If you deal with machine data, chances are you're familiar with Splunk, a big data tool geared specifically for machine data. Splunk collects, indexes and correlates real-time data generated by websites, applications, servers, networks, mobile devices, sensors and RFID assets. The idea is to generate insight and "operational intelligence" from customer clickstreams, transactions, network activity, call records and so forth.
But with its focus on machine data, Splunk has only been able to handle a subset of the massive volumes of unstructured data inside most organizations. Now Splunk is working to extend its capabilities to raw data in Hadoop with a new tool it calls Hunk.
"Our customers love how Splunk software enables them to easily visualize and analyze data, and they asked us if we could help them do the same on the sizeable low-cost data stores they've built up in Hadoop," says Guido Schroeder, senior vice president of products at Splunk.
"To create it, we extended our technology with a new patent-pending virtual index technology. Hadoop is a tremendous technology full of potential--if you can get to the data and act on it, Schroeder says. We developed Hunk as a standalone software product to help organizations give broader user groups insight into their data assets without custom development, costly data modeling or lengthy batch processing iterations. By providing interactive data exploration, discovery and analytics, Hunk empowers users to derive actionable insights from this raw data in Hadoop."
Hunk, now in private beta, boasts a number of features to aid in the exploration and analysis of data within Hadoop, including the following:
Splunk Virtual Index. This patent-pending technology enables the seamless use of the entire Splunk technology stack, including the Splunk Search Processing Language (SPL), for interactive exploration, analysis and visualization of data as if it was stored in a Splunk software index.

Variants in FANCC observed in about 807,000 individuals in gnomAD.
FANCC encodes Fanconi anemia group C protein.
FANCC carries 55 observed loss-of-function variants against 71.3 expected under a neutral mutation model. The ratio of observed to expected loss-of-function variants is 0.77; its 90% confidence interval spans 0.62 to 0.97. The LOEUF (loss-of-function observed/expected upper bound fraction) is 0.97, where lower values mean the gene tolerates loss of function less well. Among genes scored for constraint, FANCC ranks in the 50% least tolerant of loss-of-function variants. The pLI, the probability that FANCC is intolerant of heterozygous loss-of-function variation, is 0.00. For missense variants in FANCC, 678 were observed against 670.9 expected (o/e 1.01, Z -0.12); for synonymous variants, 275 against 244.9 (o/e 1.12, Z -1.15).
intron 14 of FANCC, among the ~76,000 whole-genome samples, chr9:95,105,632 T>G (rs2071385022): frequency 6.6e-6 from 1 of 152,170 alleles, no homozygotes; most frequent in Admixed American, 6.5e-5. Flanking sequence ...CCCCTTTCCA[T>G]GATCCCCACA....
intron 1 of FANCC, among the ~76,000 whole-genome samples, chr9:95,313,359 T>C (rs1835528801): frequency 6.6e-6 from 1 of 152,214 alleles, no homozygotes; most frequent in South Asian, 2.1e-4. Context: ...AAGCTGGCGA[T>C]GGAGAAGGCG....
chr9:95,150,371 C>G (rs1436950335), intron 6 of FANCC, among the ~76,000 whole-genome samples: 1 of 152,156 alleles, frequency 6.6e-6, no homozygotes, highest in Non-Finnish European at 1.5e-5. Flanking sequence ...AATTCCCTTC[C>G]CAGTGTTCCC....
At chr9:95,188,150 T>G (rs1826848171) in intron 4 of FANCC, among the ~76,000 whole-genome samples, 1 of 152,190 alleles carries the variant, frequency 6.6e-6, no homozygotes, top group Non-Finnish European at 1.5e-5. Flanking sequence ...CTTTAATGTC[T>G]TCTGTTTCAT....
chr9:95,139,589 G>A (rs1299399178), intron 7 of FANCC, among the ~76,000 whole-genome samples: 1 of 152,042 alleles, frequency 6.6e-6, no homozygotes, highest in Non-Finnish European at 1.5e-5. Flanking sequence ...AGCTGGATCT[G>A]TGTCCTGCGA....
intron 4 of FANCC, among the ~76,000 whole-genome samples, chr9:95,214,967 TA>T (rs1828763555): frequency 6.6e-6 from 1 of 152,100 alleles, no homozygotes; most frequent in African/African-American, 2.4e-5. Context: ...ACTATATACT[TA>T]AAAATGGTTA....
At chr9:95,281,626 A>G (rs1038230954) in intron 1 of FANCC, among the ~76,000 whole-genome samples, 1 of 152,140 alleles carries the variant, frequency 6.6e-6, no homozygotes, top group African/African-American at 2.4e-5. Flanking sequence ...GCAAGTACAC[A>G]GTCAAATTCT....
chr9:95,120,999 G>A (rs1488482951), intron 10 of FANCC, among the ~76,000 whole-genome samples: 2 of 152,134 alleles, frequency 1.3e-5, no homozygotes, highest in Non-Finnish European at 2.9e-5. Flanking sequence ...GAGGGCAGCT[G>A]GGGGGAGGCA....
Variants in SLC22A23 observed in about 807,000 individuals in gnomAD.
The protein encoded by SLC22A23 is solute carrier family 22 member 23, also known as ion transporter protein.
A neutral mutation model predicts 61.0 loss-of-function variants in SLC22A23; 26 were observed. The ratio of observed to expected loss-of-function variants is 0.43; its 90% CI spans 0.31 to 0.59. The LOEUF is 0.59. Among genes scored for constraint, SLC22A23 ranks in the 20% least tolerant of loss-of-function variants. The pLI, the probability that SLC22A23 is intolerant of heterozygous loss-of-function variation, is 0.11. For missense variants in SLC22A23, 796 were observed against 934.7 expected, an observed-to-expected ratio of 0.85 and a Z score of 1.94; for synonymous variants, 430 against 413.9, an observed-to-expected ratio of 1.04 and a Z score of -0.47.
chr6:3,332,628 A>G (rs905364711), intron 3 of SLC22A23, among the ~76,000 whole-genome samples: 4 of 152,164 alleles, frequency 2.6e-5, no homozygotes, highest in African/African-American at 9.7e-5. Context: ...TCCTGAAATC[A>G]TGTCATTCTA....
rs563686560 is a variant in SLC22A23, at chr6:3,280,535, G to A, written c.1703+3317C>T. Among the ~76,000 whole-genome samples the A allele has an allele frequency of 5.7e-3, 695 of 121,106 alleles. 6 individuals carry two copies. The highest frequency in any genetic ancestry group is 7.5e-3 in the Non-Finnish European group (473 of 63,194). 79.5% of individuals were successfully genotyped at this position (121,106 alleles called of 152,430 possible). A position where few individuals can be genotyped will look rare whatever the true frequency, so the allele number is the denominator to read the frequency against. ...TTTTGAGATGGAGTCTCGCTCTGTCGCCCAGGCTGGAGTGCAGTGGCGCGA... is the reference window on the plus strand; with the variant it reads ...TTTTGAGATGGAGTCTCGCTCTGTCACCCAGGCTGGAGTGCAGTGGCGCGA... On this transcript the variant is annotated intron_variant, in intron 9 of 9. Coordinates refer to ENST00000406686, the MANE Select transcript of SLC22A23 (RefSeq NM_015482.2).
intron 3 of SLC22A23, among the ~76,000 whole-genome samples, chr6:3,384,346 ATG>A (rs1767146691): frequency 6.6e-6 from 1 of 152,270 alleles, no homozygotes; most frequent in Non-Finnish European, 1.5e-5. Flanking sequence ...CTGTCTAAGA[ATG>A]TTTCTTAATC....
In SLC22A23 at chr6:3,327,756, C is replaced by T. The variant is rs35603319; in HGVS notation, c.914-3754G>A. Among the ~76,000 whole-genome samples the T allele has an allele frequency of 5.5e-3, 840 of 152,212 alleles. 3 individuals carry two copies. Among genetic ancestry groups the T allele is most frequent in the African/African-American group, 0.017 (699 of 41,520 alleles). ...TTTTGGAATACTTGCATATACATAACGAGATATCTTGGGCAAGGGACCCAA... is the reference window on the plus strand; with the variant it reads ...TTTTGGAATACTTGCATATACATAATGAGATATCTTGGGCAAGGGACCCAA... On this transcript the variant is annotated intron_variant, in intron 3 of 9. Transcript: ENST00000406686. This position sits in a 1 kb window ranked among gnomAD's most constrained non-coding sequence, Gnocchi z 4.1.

Point and go. Splunk says it designed Hunk for interactive data exploration across large, diverse data sets. There is no need to "understand" data upfront. You simply have to point Hunk at the Hadoop cluster and can start exploring data immediately.
Interactive analysis. Users can use Hunk to drive deep analysis, detect patterns and find anomalies across terabytes and petabytes of data. Users can also correlate data to spot trends, identify patterns and even enrich insights further by connected data from external relational databases using Splunk DB Connect.
Report on and visualize data. Users can build advanced graphs and charts on the fly to visualize and contextualize data.
Create custom dashboards. Users can combine multiple charts, views and reports into role-specific dashboards that can be viewed and edited on computers, tablets or mobile devices.
Hunk joins Splunk's other Hadoop-focused offerings, including Splunk Hadoop Connect, which provides bi-directional integration with Splunk Enterprise, and Splunk App for HadoopOps, which monitors the entire Hadoop deployment from Splunk Enterprise.
Splunk is working with leading Hadoop distributions, including Cloudera, Hortonworks and MapR to certify Hunk with their distributions. The company says it is aiming to make Hunk generally available by the end of the year.
Sign up for Computerworld eNewsletters.